My first few times looking after these guys I had no idea how I would tell who was who. Little balls of black fur. Only by their genitals could I tell the difference! Now after leaving WIldtracks I don’t know how I could ever think they all looked the same. Each had their own little personality. Each face completely different. Learning their moods and the dynamics within the group was fascinating. Watching which food and leaves they preferred (and that I had heroically collected). I could sit there all day and watch these guys. Enrichment is still encouraged at this stage of their rehabilitation so I was luckily allowed to go in at times outside of feed times to rearrange their cage, putting some vine up for them to swing about on. I would also become their favourite enrichment toy when I was in there – like Nikki, when these guys play it can be draining, but I loved every minute of it. Trying to clean their cage at feed time when they seem to have unanimously agreed that any rake is an intrusion in their home and must be removed pronto. Raking with 5 monkeys attached to the rake and rake handle, your arms and shoulders, in 90 degree heat can make you pretty tired, but is there any better feeling? Pebbles especially can get the distance of a gold model Olympic long jumper, one minute she’s in the corner of the cage, seconds later she is attached to your body! I will be honest here and say there where days towards the end when I was pretty drained and thought It was maybe time to leave… then would come the last feed with the Teens, and Polly is wrapped around you like an infant child, looking at you with those wide eyes and Pebbles is purring into your ear as you feed them their milk, and suddenly everything is ok in the world again. I remember one day especially, heavy rain, smoke from a fire coming though the tree, and all the Howlers around WIldtracks howling away…. and all the teens trying to howl. I was alone in the cage. And felt like one of them (I didnt howl though) It was like the greatest concert I ever attended. These monkeys will be moved to a pre-release enclosure soon and will have their own trees to swing on in a mini forest area for themselves. It only occurred to me when I left that I would probably never get to see these rascals again. And how lucky I was that I was there at that stage where I could still interact on such a level with them. But its time for them to start growing up. Elliot and Sam will make sure they are fine.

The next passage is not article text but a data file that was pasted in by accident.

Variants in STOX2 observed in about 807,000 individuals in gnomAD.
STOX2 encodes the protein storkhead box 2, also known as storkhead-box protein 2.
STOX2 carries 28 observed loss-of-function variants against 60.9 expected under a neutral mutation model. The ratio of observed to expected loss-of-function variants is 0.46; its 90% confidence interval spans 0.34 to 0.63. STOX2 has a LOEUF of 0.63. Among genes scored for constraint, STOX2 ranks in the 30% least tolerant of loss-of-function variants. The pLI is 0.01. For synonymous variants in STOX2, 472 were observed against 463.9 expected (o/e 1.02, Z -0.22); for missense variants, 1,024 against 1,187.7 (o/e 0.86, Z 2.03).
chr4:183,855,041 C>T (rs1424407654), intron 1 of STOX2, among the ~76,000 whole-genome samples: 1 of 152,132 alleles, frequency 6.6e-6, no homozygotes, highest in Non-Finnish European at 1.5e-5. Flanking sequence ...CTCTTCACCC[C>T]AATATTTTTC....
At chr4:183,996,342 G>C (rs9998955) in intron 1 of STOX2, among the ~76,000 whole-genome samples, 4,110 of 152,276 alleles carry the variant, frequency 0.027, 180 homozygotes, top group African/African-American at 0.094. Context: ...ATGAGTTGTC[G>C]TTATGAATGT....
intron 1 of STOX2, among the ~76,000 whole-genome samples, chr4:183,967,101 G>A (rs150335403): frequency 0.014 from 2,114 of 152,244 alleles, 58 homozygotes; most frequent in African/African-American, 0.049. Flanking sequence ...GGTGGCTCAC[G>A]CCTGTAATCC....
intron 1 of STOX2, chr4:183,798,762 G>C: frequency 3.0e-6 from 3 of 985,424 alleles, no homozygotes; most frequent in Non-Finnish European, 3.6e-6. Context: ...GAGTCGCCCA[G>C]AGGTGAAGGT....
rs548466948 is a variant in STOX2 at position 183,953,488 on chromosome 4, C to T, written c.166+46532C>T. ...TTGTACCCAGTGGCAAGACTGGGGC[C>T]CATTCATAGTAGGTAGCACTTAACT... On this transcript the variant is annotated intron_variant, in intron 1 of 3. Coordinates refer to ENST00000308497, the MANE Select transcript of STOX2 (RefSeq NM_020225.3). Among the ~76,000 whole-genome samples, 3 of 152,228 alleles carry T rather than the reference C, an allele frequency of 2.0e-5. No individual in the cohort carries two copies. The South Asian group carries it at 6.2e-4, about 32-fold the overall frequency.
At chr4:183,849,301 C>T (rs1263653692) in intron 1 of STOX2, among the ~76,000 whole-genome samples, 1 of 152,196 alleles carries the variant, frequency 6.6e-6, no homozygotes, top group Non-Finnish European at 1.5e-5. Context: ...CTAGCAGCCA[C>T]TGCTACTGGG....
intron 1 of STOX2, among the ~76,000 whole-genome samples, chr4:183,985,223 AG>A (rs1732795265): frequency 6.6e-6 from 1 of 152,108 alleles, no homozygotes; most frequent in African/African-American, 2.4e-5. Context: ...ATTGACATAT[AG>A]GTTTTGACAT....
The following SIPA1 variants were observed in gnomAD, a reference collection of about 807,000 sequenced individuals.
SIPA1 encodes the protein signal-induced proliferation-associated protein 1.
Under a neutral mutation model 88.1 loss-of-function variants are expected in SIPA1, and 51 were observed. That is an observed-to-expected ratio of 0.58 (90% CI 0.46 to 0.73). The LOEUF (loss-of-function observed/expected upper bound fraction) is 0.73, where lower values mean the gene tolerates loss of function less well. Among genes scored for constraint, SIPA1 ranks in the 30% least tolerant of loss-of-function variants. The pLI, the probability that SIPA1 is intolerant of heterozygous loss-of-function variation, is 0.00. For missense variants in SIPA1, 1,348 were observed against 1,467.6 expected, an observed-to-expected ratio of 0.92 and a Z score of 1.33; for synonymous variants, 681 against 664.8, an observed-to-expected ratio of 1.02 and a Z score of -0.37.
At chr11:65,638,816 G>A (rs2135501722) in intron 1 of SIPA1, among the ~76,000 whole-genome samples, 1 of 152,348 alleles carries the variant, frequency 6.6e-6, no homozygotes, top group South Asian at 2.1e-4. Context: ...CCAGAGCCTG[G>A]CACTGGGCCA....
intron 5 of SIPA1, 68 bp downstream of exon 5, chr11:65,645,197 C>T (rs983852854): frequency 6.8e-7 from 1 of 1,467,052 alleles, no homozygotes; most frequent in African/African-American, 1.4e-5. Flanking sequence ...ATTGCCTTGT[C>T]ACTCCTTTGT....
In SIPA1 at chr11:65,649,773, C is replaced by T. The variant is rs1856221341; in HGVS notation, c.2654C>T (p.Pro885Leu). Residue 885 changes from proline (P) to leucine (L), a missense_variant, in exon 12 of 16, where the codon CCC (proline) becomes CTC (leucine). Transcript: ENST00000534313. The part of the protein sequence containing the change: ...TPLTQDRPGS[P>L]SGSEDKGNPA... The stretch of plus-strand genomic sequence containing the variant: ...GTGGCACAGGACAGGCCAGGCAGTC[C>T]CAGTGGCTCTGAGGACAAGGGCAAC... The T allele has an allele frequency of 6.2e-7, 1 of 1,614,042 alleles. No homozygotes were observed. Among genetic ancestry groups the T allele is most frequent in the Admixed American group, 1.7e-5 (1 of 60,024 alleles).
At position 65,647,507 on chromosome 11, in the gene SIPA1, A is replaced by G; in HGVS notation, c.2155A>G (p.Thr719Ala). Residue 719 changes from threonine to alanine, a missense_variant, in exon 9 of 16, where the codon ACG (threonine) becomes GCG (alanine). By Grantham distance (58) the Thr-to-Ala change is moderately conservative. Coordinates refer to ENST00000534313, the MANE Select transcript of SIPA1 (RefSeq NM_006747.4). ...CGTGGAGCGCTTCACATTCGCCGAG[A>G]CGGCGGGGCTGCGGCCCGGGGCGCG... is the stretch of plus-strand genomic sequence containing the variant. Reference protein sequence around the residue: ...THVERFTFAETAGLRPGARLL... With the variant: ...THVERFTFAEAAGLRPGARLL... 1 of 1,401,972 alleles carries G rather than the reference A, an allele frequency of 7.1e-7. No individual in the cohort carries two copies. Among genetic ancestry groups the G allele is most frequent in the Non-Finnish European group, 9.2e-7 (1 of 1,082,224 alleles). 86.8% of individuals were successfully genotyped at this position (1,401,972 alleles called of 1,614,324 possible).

All in All Wildtracks was a fantastic experience. An inspirational place. A lifelong dream was fulfilled. Relationships with Primates (and humans) were built. And on leaving I feel that I had a great relationship with all the monkeys I came into contact with at WIldtracks on a daily basis.

One more thing I have learnt from travelling is with any beautiful experience, too much of a good thing, you naturally get bored. You need the moments of clarity to realise what you are doing and what the goal is. I might have talked about interacting with these animals a lot here but it is all about them getting to where they need to be, disease free, well fed, fit and healthy and in a good strong troupe to face the big wide world. I never once called them 'my' monkeys. I don’t expect them to remember me If we meet again. I just hope I played a small part in taking them part of the way along their journey from where they were at the beginning of their lives to where they will one day be, free in the forest.


Published by: Zoe Walker at 2014-04-27 11:48:05   [Link to this article]